Products and services will determine whether securities lending moves into emerging markets, according to one industry expert.
Speaking at the European Beneficial Owners’ Securities Lending and Collateral Management conference, panellists were asked if securities lending could move into markets such as Saudi Arabia and India
“New markets need to be discovered and you need to feel comfortable with them, and in terms of securities lending its not about how quickly you move its how comfortable you are with what you can offer,” said Joseph Molloy, head of passive equities and quantitative equity strategies at HSBC Global Asset Management.
“What opens up a greater opportunity is the change in product offerings, the growth of smart beta and multi-factor portfolios means there is more offerings available.
“New markets are there to be explored but it is really about how product lines change in relation to those markets,” said Molloy
Securities lending within emerging markets has been continuously discussed topic within the industry.
A recent JP Morgan paper on the subject suggested that significant revenue opportunities were available particularly for first movers.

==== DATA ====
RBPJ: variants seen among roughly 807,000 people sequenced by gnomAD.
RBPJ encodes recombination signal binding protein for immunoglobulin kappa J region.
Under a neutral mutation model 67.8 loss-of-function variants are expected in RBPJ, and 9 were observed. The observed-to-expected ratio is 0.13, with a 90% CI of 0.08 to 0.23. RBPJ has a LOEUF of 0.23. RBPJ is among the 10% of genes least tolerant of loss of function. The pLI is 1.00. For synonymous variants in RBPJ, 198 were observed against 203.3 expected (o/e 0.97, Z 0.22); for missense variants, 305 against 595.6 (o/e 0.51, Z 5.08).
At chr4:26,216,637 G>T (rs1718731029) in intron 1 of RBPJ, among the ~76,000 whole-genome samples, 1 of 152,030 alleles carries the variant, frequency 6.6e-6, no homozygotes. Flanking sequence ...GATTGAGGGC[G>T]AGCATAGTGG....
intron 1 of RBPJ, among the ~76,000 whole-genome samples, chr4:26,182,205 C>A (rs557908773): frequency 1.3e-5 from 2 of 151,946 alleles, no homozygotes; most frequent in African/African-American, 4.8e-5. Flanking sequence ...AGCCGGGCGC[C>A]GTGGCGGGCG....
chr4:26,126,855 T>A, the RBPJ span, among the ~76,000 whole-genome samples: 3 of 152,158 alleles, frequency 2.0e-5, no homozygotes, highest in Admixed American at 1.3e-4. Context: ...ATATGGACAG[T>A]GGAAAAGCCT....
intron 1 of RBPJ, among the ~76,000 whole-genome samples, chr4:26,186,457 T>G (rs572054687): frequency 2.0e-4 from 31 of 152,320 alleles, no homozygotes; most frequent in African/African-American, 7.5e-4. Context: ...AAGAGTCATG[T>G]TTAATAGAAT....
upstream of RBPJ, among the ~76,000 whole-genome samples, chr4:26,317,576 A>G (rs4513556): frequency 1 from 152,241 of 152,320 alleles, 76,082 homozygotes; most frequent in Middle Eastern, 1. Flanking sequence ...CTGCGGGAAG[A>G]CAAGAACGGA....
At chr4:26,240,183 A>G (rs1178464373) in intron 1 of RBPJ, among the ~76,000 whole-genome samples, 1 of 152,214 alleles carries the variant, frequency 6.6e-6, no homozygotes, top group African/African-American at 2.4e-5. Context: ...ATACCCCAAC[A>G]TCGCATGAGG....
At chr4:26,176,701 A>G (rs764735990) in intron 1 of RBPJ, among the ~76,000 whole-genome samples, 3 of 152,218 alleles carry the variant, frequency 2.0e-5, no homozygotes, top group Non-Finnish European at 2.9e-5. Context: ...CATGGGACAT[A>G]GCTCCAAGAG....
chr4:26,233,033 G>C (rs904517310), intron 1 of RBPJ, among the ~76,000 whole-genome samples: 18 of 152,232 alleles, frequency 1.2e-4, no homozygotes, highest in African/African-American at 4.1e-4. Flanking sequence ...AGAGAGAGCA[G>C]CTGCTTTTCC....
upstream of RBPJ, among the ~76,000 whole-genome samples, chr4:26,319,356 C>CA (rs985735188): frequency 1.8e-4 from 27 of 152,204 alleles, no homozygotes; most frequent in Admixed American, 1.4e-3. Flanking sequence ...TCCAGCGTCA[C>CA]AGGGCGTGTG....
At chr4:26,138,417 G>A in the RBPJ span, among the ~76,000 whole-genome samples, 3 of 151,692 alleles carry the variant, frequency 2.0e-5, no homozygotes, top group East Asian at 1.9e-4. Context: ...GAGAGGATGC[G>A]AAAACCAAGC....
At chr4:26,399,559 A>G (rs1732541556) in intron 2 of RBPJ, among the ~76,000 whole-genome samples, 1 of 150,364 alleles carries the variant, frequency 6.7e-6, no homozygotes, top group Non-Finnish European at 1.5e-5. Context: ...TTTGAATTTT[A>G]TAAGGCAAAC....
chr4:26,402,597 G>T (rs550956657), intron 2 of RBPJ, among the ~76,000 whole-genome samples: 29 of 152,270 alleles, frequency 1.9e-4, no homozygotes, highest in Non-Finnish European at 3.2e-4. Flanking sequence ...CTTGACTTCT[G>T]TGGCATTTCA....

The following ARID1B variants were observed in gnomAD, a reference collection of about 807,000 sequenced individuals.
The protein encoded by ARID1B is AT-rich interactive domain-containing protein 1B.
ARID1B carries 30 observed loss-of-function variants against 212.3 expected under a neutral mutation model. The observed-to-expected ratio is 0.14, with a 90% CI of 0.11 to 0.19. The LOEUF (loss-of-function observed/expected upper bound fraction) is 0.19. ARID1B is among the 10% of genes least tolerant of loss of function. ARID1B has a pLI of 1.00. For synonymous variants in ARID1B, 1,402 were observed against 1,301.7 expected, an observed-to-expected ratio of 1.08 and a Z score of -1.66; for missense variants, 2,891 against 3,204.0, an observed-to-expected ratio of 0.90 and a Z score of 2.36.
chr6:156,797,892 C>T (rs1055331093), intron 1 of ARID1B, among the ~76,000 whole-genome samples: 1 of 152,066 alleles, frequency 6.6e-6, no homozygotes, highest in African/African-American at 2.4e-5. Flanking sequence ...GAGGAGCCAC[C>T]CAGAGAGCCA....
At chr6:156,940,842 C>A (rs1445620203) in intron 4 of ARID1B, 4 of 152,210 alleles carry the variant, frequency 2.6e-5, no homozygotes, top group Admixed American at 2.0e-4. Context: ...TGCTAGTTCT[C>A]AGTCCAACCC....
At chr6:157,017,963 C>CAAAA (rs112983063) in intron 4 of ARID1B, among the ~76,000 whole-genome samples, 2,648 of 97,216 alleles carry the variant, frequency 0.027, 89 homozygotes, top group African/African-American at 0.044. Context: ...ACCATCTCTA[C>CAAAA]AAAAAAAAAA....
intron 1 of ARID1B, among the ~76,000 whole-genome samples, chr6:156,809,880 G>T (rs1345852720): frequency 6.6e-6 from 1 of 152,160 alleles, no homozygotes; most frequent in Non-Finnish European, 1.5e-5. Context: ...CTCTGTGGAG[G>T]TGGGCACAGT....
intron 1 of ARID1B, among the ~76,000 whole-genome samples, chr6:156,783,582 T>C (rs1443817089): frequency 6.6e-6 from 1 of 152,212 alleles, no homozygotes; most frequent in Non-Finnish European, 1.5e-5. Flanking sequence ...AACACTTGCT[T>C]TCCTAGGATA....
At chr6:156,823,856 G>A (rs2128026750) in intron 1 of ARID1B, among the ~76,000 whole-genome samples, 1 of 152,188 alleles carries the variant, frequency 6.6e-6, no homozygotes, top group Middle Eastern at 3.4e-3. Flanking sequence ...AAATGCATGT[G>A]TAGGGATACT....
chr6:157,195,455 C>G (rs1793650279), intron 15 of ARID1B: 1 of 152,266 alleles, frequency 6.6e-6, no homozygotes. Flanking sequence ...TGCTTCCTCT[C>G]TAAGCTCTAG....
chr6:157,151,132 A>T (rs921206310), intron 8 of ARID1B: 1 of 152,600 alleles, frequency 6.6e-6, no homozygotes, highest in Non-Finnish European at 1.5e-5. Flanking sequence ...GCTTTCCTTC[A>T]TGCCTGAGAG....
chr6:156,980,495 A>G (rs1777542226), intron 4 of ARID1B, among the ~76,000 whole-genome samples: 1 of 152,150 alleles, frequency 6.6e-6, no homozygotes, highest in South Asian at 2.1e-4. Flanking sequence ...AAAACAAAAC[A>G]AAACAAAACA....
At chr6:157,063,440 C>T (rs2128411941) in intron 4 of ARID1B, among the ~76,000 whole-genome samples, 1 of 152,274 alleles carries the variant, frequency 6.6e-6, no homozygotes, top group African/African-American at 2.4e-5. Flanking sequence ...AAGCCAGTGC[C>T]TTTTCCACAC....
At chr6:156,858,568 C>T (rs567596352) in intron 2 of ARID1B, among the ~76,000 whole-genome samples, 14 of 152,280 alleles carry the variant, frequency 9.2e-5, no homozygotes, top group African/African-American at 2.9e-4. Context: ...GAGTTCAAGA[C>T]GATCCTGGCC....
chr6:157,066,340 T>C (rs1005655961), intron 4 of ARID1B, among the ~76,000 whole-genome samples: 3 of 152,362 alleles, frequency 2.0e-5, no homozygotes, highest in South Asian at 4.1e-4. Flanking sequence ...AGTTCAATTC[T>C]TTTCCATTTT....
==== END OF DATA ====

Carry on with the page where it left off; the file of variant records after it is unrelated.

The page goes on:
In addition, the paper also suggested that engaging in securities lending within local markets leads to a positive perception from both beneficial owners and those within the local market.
Fellow panellist Foppe Zwikstra, securities lending manager at Achmea Investment Management expressed enthusiasm for securities lending in newer markets provided that there was a commercial benefit.
“What we see now is that we have more global mandates and strategies and you see countries like Mexico, China and Eastern European countries emerging in these strategies so we get more assets there and it is therefore becoming logical to look at securities lending.
“Like everything we do, everybody is risk adverse but if we can make a profit and extra basis points return at an acceptable level of risk then we will surely start lending.”
The panel also concluded that in spite of an increased level of excitement attached with moving securities lending into emerging markets, the potential increased level of risk associated with this must be taken into account.